Seven Anglican leaders who call themselves “Global South Primates” have boycotted a eucharist with their fellow primates calling it a “deliberate action” to show the “brokenness” of the Anglican Communion and their provinces’ “broken or severely impaired” relationship with the U.S. Episcopal Church.
“We each take the celebration of the Holy Eucharist very seriously. This deliberate action is a poignant reminder of the brokenness of the Anglican Communion. It makes clear that the torn fabric of the church has been torn further. It is a consequence of the decision taken by our provinces to declare that our relationship with the Episcopal Church is either broken or severely impaired,” the primates said in a statement posted on the Web site of the Church of Nigeria. (www.anglican-nig.org)The statement was signed by Archbishop Peter Akinola of Nigeria, Archbishop John Chew of Singapore, Archbishop Benjamin Nzimbi of Kenya, Archbishop Justice Akrofi of West Africa, Archbishop Henry Orombi of Uganda, Archbishop Gregory Venables of the Southern Cone of the Americas, and Archbishop Emmanuel Kolini of Rwanda. This is the second time that the primates, who believe homosexuality to be contrary to Scripture, have snubbed a eucharist during a primates’ meeting. The first was during a meeting held in 2005 in Dromantine, Northern Ireland. Anglicans have been divided over the place of homosexuals in the church for years but the issue came to a head in 2003 when the Episcopal Church consecrated its first openly gay bishop, Gene Robinson of New Hampshire. Primates, mostly representing countries from the developing world, have also expressed their displeasure over last year’s election of Presiding Bishop Katharine Jefferts Schori, the first female head of the U.S. church and the first female primate in and the Anglican Communion. She supported Bishop Robinson’s election.
In explaining their boycott of the eucharist, the primates said, “Scripture teaches that before coming to sit with one another at the Table we must be reconciled …We have made repeated calls for repentance by The Episcopal Church leadership with no success. We continue to pray for a change of heart. We are unable to come to the Holy Table with the Presiding Bishop of the Episcopal Church because to do so would be a violation of Scriptural teaching and the traditional Anglican understanding.” Earlier, a sub-group, whose members include Archbishop of Canterbury Rowan Williams, had released a report stating that the Episcopal Church’s response to the Windsor Report’s call for a moratorium on the consecration of gay bishops has been “adequate.”The sub-group charged with monitoring the American church’s response reached consensus that although it did not adopt the 2004 report’s language calling for a “moratorium” on the election of gay bishops, “it probably did the most that could have been done, and the response to that request has been adequate,” said Australia’s Archbishop Phillip Aspinall, during a media briefing at the end of the primates’ first day of meetings on Feb.15. The General Convention of the Episcopal Church adopted a resolution last year calling on its church to “exercise restraint by not consenting to the consecration of any candidate to the episcopate whose manner of life presents a challenge to the wider church and will lead to further strains on communion.”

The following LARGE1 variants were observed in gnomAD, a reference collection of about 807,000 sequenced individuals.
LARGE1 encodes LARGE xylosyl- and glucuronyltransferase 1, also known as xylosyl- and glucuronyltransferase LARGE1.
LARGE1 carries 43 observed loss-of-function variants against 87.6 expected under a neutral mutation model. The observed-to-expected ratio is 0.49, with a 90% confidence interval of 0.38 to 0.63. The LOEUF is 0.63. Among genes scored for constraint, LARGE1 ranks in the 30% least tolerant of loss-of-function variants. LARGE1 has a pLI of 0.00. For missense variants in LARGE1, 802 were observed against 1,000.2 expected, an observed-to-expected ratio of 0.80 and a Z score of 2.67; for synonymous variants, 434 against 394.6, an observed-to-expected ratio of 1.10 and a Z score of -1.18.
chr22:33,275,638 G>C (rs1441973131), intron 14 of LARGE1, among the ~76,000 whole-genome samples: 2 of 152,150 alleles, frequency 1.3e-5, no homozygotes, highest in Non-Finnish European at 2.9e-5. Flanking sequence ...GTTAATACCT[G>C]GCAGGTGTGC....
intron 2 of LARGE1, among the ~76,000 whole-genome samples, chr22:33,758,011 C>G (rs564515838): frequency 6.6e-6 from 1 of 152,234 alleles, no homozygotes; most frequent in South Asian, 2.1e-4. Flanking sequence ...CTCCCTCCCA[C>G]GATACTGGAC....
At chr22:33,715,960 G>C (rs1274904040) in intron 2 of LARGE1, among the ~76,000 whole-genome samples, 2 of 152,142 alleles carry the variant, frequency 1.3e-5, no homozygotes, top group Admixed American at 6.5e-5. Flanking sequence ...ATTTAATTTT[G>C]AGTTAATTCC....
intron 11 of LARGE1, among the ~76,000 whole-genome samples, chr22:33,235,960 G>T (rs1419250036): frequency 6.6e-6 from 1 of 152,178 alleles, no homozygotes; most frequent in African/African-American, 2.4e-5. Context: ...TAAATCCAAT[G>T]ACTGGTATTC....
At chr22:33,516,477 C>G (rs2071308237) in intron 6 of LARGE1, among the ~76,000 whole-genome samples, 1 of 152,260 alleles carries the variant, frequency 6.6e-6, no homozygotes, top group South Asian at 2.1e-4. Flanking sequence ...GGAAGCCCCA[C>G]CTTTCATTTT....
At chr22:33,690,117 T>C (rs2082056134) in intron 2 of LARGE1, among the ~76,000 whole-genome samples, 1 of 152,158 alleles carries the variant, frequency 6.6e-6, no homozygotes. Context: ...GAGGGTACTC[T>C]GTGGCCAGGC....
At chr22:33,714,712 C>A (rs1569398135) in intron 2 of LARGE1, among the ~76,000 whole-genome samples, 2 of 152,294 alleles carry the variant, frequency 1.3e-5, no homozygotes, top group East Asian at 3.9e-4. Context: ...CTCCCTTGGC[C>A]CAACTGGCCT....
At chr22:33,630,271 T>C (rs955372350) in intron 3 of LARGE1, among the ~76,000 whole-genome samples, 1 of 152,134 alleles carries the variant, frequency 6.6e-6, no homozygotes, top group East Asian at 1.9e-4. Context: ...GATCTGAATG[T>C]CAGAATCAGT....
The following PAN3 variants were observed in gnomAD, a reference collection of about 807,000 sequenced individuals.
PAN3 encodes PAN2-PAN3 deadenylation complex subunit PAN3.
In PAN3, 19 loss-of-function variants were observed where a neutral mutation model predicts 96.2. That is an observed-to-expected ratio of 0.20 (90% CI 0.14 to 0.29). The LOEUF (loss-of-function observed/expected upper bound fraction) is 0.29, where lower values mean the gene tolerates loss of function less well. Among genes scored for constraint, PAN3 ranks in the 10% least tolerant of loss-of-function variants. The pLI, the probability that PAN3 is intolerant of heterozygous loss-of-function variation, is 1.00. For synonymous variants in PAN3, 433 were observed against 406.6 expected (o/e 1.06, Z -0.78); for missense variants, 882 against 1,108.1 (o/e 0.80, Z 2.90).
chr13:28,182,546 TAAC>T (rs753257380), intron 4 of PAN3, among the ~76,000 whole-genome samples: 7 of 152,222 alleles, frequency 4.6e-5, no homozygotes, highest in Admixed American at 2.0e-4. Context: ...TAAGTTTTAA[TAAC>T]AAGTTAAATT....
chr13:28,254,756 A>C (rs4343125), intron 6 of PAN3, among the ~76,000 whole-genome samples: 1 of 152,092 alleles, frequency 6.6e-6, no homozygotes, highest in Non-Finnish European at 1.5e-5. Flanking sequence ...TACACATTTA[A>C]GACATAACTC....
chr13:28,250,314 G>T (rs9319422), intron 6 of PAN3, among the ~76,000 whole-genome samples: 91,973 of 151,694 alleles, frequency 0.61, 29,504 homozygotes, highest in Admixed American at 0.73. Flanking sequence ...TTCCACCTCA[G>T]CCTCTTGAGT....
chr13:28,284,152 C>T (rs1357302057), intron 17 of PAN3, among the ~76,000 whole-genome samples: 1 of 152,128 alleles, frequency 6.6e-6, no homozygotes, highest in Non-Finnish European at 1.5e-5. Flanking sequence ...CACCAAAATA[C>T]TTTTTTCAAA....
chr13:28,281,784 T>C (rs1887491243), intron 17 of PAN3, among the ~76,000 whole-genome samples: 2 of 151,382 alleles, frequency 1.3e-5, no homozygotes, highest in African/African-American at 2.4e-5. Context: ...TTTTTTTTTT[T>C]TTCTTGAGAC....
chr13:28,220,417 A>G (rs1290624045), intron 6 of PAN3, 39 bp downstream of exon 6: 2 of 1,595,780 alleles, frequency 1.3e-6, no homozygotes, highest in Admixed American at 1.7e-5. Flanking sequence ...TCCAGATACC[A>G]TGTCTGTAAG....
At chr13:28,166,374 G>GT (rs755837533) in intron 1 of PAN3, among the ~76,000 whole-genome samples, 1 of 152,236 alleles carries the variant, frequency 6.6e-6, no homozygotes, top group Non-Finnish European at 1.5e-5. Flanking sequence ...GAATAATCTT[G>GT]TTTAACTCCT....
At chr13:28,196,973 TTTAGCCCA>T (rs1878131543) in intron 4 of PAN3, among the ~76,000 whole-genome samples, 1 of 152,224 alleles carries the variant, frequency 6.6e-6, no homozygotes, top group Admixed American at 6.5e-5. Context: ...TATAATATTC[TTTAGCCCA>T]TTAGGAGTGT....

The sub-group noted that the majority of bishops with jurisdiction had indicated that they would abide by this resolution and that this marked “a significant shift from the position which applied in 2003.” The group said it believed that General Convention “has complied in this resolution with the request of the primates.”
The sub-group said, however, that it was “not convinced about the rationale of why General Convention did not act explicitly” on the issue of the blessing of same-sex unions said Archbishop Aspinall. The sub-group said in its report that this was a question that “needs to be addressed urgently by the House of Bishops of the Episcopal Church.
Anglican leaders of the worldwide Anglican Communion convened on Feb. 15 for a five-day meeting in Dar es Salaam, Tanzania, that had at the top of its agenda, the issue of whether the Episcopal Church in the U.S. has “adequately responded” to the Windsor Report and what the future of the grouping of 38 provinces consisting of 77 million members would be.